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Old 01-08-2009, 05:30 PM   #1
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Handicapped Parking for autism

I am a long time Dis member....am not currently planning a WDW trip but thought this forum could help.

My severly autistic daughter is 8. She can walk just fine. But, as she gets older, I am finding that safety in parking lots has become an issue. Especially at large lots like Sams Club where we might have to park far away. Having to hold her hand all the way to the store entrance is getting hard to do as she resists hand holding for that long. I am frantic that she will someday run away from me and possibly get hit by cars that don't see her.

Do you think it is possible for me to get a permanent "handicapped" parking pass for this reason? How do I do this - through our pediatrician?

Thanks for any info. or thoughts on this.
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Old 01-08-2009, 06:16 PM   #2
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That is my thread on handicapped parking laws but am tired out this week and had to stop and will finish it.

She probably will not qualify for a disabled parking permit unless the DMV decides that she qualifies under the part that says needs to depend on a person to get around. Some states give permits only to the driver, some do not even consider blindness a qualifier, and one state gives a temporary placard to women who just had a premie or C-section. If your state is not on my list then google or I can look it up for you.

WDW has in each parking area reserved parking near the trams for disabled guests and all you do is explain to the CM that you need disabled parking but do not have a placard.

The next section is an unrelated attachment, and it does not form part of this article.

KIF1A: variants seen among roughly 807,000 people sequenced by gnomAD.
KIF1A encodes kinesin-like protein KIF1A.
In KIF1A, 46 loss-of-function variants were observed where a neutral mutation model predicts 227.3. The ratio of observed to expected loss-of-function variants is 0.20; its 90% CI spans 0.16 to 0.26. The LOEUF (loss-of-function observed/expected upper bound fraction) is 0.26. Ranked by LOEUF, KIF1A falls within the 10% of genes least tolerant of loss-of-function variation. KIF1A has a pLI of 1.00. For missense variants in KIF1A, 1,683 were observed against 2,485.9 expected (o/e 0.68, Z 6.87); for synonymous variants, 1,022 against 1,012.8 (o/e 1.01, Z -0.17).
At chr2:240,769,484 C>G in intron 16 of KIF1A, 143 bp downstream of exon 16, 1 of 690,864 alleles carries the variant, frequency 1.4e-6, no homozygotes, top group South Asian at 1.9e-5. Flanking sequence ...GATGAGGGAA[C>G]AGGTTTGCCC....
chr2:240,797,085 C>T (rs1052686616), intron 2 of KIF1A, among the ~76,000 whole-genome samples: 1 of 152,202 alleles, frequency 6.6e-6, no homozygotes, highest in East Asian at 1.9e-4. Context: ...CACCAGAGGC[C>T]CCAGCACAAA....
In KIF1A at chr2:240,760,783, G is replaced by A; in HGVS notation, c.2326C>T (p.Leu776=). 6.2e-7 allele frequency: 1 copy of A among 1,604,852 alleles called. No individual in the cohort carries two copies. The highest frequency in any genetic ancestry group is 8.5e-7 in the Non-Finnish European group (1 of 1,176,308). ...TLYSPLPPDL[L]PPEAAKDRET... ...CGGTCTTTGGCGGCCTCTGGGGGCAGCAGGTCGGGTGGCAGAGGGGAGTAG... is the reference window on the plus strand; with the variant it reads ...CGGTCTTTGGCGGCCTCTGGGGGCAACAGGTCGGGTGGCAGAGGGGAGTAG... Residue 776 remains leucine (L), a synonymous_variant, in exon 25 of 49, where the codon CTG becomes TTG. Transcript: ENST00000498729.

The best answer is to use a harness or leash for elopers but I prefer the harness as the weight is not on that one arm. You can get a pushchair for her and strap her in so she does not elope and autistic kids often like the privacy of the pushchair as it keeps people away from them and all they have to do is sit and play with a worry toy or gameboy. No stress or crowds to overstimulate them.

Forgot to add that the forms are available on line and at certain government offices which varies from state to state. Depending on the state it can be village, county, or DMV for example. You print out the form or pick on up and take it to a person as listed on the form. Again it varies from state to state on who is qualified but pediatricians in your state would definitely qualify. Most states accept chiropractors and some accept nurses and psychiatrists. Some only allow in state persons but others will allow the applicant to use an out of state doctor. That is why I made that list as it is so confusing at times.

Last edited by mechurchlady; 01-08-2009 at 06:23 PM. Reason: Nap time done come and wnet.
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Old 01-08-2009, 07:26 PM   #3